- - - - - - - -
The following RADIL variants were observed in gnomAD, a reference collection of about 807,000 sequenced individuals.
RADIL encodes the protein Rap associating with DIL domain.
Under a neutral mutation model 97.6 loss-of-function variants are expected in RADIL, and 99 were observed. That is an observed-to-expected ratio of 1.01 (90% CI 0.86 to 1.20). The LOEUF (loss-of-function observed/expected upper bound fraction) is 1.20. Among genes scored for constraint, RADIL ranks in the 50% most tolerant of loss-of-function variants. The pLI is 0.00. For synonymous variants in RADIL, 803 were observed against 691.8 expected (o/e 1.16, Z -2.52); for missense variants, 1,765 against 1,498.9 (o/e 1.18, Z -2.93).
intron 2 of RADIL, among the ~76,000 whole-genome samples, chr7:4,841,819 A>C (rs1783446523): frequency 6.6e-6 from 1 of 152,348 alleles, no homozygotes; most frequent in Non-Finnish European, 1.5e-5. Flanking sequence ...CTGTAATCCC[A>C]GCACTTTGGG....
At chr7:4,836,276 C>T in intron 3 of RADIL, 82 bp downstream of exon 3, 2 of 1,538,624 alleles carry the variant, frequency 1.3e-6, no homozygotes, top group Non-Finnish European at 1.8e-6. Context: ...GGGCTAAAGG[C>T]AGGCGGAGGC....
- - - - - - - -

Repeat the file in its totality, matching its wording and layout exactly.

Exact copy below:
The following RADIL variants were observed in gnomAD, a reference collection of about 807,000 sequenced individuals.
RADIL encodes the protein Rap associating with DIL domain.
Under a neutral mutation model 97.6 loss-of-function variants are expected in RADIL, and 99 were observed. That is an observed-to-expected ratio of 1.01 (90% CI 0.86 to 1.20). The LOEUF (loss-of-function observed/expected upper bound fraction) is 1.20. Among genes scored for constraint, RADIL ranks in the 50% most tolerant of loss-of-function variants. The pLI is 0.00. For synonymous variants in RADIL, 803 were observed against 691.8 expected (o/e 1.16, Z -2.52); for missense variants, 1,765 against 1,498.9 (o/e 1.18, Z -2.93).
intron 2 of RADIL, among the ~76,000 whole-genome samples, chr7:4,841,819 A>C (rs1783446523): frequency 6.6e-6 from 1 of 152,348 alleles, no homozygotes; most frequent in Non-Finnish European, 1.5e-5. Flanking sequence ...CTGTAATCCC[A>C]GCACTTTGGG....
At chr7:4,836,276 C>T in intron 3 of RADIL, 82 bp downstream of exon 3, 2 of 1,538,624 alleles carry the variant, frequency 1.3e-6, no homozygotes, top group Non-Finnish European at 1.8e-6. Context: ...GGGCTAAAGG[C>T]AGGCGGAGGC....